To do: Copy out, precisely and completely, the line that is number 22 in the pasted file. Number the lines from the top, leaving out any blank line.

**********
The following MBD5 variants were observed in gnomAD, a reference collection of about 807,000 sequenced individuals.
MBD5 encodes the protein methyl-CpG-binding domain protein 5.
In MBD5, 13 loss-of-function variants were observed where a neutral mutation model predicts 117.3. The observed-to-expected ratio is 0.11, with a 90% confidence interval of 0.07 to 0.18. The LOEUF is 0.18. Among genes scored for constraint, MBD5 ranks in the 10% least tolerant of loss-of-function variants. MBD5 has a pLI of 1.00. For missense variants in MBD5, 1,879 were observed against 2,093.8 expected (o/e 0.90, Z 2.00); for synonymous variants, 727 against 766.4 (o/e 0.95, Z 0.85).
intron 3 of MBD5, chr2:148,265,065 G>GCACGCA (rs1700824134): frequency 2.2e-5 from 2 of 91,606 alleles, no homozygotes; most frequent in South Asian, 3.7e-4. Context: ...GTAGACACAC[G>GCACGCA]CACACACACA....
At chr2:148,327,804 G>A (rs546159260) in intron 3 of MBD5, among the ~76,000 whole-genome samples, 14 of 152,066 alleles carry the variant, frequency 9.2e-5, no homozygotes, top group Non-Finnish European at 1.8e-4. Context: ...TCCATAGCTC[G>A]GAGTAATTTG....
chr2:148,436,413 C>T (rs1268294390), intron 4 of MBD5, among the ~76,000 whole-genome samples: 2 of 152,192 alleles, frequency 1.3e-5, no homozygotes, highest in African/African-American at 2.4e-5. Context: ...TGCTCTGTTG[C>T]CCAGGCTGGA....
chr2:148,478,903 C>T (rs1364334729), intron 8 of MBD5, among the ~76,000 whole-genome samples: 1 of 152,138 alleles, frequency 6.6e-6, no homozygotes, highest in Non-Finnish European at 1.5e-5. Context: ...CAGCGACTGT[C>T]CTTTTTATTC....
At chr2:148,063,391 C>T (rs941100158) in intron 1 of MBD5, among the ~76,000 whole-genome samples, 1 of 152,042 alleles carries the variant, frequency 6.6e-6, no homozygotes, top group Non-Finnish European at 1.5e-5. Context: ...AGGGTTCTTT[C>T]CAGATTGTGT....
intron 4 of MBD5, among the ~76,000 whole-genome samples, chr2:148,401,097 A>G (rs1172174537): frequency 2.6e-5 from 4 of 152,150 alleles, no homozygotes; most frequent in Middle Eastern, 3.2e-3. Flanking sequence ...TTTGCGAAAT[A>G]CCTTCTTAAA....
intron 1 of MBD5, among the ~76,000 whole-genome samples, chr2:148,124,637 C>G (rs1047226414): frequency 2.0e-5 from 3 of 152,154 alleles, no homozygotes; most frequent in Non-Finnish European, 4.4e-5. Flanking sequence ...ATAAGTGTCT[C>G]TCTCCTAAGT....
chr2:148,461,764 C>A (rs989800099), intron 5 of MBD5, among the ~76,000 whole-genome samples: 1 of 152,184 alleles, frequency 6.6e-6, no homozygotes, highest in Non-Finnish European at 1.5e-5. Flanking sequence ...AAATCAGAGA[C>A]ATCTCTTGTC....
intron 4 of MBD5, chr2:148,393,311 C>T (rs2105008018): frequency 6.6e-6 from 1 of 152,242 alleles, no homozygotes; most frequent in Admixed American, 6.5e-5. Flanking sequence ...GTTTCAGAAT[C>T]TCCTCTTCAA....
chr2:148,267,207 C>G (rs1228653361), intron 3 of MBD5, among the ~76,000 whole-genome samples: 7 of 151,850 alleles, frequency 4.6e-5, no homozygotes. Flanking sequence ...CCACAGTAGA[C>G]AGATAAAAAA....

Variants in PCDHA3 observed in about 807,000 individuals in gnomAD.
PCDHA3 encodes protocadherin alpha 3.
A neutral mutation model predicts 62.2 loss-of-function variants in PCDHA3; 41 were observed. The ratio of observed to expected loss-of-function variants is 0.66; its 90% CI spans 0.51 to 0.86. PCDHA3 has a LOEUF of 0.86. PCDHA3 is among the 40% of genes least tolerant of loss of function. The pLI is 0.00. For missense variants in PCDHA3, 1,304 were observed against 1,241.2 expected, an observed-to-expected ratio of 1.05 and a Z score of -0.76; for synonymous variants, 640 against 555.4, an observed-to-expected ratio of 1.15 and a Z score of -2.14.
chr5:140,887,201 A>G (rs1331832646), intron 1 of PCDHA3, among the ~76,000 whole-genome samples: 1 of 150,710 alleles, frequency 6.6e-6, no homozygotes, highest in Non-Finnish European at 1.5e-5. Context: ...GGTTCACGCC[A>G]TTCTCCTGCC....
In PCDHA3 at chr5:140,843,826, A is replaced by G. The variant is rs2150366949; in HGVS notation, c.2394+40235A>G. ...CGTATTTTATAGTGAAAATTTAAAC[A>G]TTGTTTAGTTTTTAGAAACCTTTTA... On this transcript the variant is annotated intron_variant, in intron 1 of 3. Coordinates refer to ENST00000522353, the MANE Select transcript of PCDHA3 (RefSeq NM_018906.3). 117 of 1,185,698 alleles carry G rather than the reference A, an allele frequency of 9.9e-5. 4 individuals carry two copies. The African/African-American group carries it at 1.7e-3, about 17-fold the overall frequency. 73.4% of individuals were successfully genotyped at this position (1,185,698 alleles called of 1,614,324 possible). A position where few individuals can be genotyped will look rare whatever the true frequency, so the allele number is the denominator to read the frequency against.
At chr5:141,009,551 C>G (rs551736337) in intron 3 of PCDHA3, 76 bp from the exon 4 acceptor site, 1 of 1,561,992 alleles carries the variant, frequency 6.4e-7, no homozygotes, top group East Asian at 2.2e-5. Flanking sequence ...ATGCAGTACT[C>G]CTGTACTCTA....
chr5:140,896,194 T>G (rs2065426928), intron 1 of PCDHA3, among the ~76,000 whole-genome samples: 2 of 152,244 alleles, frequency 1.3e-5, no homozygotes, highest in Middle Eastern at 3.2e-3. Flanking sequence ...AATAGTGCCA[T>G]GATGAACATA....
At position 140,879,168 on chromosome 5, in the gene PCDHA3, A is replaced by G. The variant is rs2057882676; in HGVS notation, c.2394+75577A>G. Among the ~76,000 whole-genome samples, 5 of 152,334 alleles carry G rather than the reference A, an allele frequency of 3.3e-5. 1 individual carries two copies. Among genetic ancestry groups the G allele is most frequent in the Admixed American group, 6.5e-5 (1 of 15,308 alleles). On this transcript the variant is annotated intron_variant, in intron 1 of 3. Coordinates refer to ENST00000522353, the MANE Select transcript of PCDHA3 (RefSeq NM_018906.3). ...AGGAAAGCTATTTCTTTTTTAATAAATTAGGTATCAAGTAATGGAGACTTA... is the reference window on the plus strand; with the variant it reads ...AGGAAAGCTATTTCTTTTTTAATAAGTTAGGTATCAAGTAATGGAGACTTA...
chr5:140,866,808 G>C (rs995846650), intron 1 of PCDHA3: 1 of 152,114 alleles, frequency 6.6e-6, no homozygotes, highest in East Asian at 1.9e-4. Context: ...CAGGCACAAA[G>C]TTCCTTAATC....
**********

chr5:140,866,808 G>C (rs995846650), intron 1 of PCDHA3: 1 of 152,114 alleles, frequency 6.6e-6, no homozygotes, highest in East Asian at 1.9e-4. Context: ...CAGGCACAAA[G>C]TTCCTTAATC....